Review by yamikarasu13

"So Wrong Yet So Right!"

Let's address the elephant in the room right now. Duke Nukem 3D was released in 1996. The sequel, Duke Nukem Forever was released in 2011. Over time the development staff and finances dwindled to a short list of enthusiasts working on the game at home. The game was never truly finished but when 3D Realms was shut down it was the closest they were ever going to get. Gearbox took a year to consolidate the progress and tie up some loose ends but only so much could be done with what was there.

Duke Nukem Forever's gameplay is reminiscent of Half-Life crossed with corridor shooters and a B-movie flair. Some levels require problem solving and exploration. Most levels are narrow in scope with a heavy emphasis on combating waves of enemies. Both complement each other well and the whole experience is refreshing. Tying the game together is a thin narrative, again similar to Half-Life, where aliens invade Earth to kill a lot of people and impregnate women. The plot is about what you'd expect in a B-movie and serves as a parody of other video game shooters. The connotation would be funnier if the sad reality wasn't that most video game plots are B-movie level at best. With that in mind the plot in Duke Nukem Forever is not so bad.

So what sets Duke Nukem Forever apart from other shooters? Boobs, lots and lots of boobs. Duke Nukem revels in his immaturity because otherwise it wouldn't work. I'm restating the obvious here but Duke Nukem is an amalgamation of ‘tough guy' movie characters from the 80s and 90s like those played by Arnold Schwarzenegger and Sylvester Stallone. While those characters were intended to be cool Duke is not. Duke was created by geeky action movie fans to be the man they all, nay, we all want to be. We want to be the sole savior of the human race from aliens. We want every woman we meet to cream their pants. We want to have a body of steel and bench press over 600lbs. We want to be rich, famous and own our own strip club, casino and chain of burger joints. Duke is witty, no doubt, but he comes off as more geeky than cool because of all the movie references and the over the top dispositions other people have towards him. I'm cool with him being a geek though because it's relatable, funny and entertaining.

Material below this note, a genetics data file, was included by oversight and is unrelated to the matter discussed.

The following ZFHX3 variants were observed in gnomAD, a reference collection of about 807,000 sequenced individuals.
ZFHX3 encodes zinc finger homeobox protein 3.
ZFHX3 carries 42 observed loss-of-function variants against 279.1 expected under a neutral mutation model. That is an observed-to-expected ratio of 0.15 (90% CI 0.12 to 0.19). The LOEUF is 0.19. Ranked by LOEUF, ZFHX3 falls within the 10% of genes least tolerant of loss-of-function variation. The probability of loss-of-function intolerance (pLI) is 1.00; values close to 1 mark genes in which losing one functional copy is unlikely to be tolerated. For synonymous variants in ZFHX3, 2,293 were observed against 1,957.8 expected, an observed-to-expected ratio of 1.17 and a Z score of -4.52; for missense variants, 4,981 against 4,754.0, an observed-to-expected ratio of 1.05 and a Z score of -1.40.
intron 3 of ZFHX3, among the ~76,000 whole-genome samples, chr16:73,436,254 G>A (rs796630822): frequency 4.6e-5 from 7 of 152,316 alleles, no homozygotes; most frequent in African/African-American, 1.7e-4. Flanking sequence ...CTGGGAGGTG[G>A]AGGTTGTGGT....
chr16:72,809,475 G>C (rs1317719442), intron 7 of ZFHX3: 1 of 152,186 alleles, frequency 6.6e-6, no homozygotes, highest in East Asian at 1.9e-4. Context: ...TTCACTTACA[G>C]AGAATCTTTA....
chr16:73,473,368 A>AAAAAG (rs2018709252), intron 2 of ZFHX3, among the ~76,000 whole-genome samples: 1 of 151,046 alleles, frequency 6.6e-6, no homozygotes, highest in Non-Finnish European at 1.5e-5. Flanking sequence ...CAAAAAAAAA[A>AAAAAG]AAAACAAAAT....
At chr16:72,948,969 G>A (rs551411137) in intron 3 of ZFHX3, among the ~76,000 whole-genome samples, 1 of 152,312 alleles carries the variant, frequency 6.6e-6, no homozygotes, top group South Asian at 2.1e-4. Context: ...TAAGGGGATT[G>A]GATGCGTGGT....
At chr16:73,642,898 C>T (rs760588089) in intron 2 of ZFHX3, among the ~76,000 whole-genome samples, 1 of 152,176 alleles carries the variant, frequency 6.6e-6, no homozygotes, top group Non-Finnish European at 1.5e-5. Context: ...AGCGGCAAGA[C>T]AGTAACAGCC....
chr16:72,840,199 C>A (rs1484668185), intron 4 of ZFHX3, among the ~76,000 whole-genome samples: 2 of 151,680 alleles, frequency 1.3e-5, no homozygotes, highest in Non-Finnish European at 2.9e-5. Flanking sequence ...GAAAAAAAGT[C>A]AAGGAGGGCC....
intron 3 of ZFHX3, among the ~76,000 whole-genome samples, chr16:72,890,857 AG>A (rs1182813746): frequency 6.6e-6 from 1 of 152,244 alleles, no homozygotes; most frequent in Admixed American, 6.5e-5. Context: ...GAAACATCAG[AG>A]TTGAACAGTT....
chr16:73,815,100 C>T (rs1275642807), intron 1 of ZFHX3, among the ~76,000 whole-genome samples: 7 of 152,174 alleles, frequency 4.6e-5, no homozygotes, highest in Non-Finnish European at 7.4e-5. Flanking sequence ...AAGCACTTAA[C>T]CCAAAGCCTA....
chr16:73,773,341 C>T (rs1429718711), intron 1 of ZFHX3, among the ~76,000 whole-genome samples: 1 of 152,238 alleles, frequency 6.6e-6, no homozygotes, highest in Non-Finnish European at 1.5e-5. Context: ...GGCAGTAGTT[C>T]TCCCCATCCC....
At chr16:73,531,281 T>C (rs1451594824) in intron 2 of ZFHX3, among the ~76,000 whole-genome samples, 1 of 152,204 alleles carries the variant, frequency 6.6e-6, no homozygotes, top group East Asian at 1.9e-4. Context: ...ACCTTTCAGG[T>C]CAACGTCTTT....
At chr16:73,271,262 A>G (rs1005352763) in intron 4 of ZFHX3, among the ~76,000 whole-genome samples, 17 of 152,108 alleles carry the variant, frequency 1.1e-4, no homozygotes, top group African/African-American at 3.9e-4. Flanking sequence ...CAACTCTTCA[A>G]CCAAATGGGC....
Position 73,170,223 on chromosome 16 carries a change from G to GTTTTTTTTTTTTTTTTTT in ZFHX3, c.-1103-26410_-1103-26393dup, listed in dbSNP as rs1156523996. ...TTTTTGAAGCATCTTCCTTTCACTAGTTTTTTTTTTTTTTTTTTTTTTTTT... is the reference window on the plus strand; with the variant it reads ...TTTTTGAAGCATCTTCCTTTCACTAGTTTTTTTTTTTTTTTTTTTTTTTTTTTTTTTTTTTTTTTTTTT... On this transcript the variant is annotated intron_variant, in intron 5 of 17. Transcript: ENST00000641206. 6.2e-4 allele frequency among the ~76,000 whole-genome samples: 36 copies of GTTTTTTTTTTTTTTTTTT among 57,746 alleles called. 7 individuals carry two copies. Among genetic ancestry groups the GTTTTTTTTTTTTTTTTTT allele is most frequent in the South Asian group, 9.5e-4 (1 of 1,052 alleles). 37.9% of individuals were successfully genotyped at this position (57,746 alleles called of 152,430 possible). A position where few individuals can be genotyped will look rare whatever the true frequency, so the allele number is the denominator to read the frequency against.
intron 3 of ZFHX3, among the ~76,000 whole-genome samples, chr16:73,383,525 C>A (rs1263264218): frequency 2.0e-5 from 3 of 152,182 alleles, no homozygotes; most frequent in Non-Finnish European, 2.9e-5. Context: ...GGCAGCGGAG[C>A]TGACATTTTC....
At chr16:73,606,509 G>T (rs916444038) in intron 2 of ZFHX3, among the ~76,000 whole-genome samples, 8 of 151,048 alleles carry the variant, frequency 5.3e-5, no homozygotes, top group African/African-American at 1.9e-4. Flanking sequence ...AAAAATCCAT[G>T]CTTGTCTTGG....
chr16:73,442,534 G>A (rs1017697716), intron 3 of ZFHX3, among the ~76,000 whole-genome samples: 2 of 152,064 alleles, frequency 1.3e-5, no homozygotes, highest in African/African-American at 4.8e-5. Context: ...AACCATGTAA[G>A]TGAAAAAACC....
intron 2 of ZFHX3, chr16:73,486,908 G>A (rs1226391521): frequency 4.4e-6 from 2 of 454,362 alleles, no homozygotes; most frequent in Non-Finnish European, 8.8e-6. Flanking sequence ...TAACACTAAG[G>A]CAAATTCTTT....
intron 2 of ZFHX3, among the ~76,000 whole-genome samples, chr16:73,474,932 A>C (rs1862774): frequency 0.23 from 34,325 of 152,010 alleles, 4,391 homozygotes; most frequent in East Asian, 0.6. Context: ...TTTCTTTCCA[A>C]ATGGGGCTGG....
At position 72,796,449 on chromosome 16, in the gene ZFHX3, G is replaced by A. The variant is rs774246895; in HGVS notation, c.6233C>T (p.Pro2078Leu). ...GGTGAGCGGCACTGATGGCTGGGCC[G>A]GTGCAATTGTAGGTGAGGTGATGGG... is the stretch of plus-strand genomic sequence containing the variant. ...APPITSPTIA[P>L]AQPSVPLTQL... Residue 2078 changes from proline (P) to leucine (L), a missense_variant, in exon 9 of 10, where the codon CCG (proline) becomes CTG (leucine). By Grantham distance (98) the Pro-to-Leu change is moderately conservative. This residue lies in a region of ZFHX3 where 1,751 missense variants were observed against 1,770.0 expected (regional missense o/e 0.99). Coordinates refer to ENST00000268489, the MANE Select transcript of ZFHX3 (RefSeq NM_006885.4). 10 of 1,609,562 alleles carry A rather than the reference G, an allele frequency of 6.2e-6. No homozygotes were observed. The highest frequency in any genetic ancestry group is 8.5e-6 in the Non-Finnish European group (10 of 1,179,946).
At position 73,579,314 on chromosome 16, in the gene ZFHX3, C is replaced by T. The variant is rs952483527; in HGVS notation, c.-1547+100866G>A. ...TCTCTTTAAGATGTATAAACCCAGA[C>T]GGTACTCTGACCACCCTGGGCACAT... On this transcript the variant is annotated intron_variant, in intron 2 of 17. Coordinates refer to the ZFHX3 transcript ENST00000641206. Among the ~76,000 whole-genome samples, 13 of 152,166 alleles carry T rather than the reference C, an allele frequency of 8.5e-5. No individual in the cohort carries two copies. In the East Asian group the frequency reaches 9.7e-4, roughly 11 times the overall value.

Duke Nukem Forever is the most inconsistent game I've ever played. I don't mean the plot either, I mean everything else. Some of the games' textures are good but a lot of them are terribly flat, like 10 years old flat. From some angles the Mighty Foot, Duke's bigfoot truck, looks fair enough but closer inspection you can see inside the truck and notice there's no engine or anything inside. It's just a plastic shell with big ass wheels. Call it an oversight that doesn't affect gameplay, no big deal right? Well, here's another odd one. Stacks of crates are fairly common and I noticed that if I broke crates they didn't affect the others so…floating crates! For a game with physics puzzles you would think the physics would be fairly consistent.